I'm having problems getting my rsync syntax right and I'm wondering if my scenario can actually be handled with rsync. First, I've confirmed that rsync is working just fine between my local host and my remote host. Doing a straight sync on a directory is successful.

Here's what my filesystem looks like:


What I want to do is run rsync only on files that begin with "file_11_" in the subdirectories and I want to be able to run just one rsync job to sync all of these files in the subdirectories.

Here's the command that I'm trying:

rsync -nrv --include="**/file_11*.jpg" --exclude="*" /Storage/uploads/ /website/uploads/

This results in 0 files being marked for transfer in my dry run. I've tried various other combinations of --include and --exclude statements, but either continued to get no results or got everything as if no include or exclude options were set.

Anyone have any idea how to do this?


The problem is that --exclude="*" says to exclude (for example) the 1260000000/ directory, so rsync never examines the contents of that directory, so never notices that the directory contains files that would have been matched by your --include.

I think the closest thing to what you want is this:

rsync -nrv --include="*/" --include="file_11*.jpg" --exclude="*" /Storage/uploads/ /website/uploads/

(which will include all directories, and all files matching file_11*.jpg, but no other files), or maybe this:

rsync -nrv --include="/[0-9][0-9][0-9]0000000/" --include="file_11*.jpg" --exclude="*" /Storage/uploads/ /website/uploads/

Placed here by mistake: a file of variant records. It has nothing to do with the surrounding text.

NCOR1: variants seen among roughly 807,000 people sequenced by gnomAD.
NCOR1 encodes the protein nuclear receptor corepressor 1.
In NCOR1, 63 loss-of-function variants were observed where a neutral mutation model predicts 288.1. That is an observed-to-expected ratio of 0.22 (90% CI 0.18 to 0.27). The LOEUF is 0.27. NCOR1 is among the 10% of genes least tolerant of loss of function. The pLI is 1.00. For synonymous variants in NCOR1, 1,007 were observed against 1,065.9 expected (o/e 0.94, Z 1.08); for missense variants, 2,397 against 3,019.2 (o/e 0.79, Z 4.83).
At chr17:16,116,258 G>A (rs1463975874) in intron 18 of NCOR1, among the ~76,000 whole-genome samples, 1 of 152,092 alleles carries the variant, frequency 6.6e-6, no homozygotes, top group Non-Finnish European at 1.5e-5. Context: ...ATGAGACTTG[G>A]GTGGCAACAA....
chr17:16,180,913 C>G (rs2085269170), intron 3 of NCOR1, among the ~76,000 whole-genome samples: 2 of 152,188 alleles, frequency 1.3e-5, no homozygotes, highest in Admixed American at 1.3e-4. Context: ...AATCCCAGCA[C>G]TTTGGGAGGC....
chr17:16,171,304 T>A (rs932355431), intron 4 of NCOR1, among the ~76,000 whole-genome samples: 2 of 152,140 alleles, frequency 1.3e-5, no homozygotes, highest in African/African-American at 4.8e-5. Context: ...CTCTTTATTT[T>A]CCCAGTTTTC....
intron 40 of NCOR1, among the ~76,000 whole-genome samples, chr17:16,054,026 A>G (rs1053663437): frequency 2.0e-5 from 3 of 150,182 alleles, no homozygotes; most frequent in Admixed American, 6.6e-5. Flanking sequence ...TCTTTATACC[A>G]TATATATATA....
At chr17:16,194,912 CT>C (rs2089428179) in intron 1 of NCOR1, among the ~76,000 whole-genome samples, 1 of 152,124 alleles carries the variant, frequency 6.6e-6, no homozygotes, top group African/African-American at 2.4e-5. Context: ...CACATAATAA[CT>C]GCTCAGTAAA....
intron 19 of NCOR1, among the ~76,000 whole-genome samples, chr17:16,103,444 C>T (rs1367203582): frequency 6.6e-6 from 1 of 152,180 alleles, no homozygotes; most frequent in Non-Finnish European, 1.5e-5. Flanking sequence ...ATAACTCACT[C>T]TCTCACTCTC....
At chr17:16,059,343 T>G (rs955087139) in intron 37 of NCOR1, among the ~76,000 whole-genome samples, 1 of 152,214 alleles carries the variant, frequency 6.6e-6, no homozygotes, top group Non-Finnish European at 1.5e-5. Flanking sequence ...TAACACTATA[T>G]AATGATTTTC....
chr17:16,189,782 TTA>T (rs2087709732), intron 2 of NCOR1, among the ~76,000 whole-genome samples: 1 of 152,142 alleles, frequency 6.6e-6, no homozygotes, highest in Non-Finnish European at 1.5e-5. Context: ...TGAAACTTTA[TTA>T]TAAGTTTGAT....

(same concept, but much pickier about the directories it will include).

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    Thanks! That was exactly what I needed. My scenario was actually more or less what you described in your second example, but I kept my question simplified to make the question more straight forward. – Sheldon Chang Apr 1 '12 at 1:16
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    Note the importance of (e.g.) --include="*/" in including the parent directories of the files you actually want to include. – mabraham Jan 6 '16 at 14:13
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    Note the order of arguments: --include has to come before --exclude – hfs Apr 4 '16 at 7:59
  • @hfs Yeah, I feel that this should be mentioned in the actual answer. I was trying to do something similar before finding this page, and knew that I needed the -include="*/", yet it still didn't work. Looking at this answer my first thought was "that's exactly what I'm doing!". Then I noticed the order was different. – Laurence Gonsalves Dec 6 '17 at 21:57

rsync include exclude pattern examples:

"*"         means everything
"dir1"      transfers empty directory [dir1]
"dir*"      transfers empty directories like: "dir1", "dir2", "dir3", etc...
"file*"     transfers files whose names start with [file]
"dir**"     transfers every path that starts with [dir] like "dir1/file.txt", "dir2/bar/ffaa.html", etc...
"dir***"    same as above
"dir1/*"    does nothing
"dir1/**"   does nothing
"dir1/***"  transfers [dir1] directory and all its contents like "dir1/file.txt", "dir1/fooo.sh", "dir1/fold/baar.py", etc...

And final note is that simply dont rely on asterisks that are used in the beginning for evaluating paths; like "**dir" (its ok to use them for single folders or files but not paths) and note that more than two asterisks dont work for file names.

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    Your answer is the only one which is usable because you explain the general behaving. The other answers are too specific according the OP but each situation needs another solution! It helped me a lot! – Peter VARGA Feb 4 '18 at 11:00
  • @AlBundy Im glad! – AmirHossein Feb 4 '18 at 11:02
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    A thorough yet not as intuitive explanation can be found on the rsync manpage in section INCLUDE/EXCLUDE PATTERN RULES – Griddo Aug 2 '19 at 8:44

Add -m to the recommended answer above to prune empty directories.

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